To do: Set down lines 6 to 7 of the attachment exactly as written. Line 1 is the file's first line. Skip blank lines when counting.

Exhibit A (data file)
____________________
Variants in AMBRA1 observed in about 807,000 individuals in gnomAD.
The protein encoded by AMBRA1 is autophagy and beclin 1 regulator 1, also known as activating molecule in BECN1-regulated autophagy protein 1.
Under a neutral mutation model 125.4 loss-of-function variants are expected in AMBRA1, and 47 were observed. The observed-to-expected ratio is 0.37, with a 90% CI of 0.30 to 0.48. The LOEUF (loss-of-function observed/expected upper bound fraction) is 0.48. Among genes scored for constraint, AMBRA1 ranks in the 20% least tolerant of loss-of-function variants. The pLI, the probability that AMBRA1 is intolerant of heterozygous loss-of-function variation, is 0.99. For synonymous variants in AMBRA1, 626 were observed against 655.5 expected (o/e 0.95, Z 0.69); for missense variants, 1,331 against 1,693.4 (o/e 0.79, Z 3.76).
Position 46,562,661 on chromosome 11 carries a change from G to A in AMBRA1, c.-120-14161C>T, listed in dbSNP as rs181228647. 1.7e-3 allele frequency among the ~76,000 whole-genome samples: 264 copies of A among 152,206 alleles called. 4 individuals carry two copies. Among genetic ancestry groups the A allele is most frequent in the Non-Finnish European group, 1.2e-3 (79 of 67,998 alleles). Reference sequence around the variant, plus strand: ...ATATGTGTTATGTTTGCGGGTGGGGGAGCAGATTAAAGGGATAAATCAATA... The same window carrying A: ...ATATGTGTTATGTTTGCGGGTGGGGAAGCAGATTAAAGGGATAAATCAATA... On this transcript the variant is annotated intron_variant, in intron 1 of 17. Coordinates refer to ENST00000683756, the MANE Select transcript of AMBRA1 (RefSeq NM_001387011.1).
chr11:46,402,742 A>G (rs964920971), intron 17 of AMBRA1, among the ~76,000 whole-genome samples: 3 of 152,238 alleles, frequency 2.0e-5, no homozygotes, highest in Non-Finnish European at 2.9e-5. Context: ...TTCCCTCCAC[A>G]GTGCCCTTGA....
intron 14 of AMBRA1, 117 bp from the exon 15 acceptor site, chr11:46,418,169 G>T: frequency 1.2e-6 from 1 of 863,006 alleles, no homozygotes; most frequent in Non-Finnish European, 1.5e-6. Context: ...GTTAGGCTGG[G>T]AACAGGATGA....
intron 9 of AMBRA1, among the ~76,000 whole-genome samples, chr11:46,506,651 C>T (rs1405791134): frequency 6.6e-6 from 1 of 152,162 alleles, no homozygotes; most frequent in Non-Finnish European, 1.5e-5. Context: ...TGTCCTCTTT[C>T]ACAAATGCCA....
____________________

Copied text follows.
intron 14 of AMBRA1, 117 bp from the exon 15 acceptor site, chr11:46,418,169 G>T: frequency 1.2e-6 from 1 of 863,006 alleles, no homozygotes; most frequent in Non-Finnish European, 1.5e-6. Context: ...GTTAGGCTGG[G>T]AACAGGATGA....
intron 9 of AMBRA1, among the ~76,000 whole-genome samples, chr11:46,506,651 C>T (rs1405791134): frequency 6.6e-6 from 1 of 152,162 alleles, no homozygotes; most frequent in Non-Finnish European, 1.5e-5. Context: ...TGTCCTCTTT[C>T]ACAAATGCCA....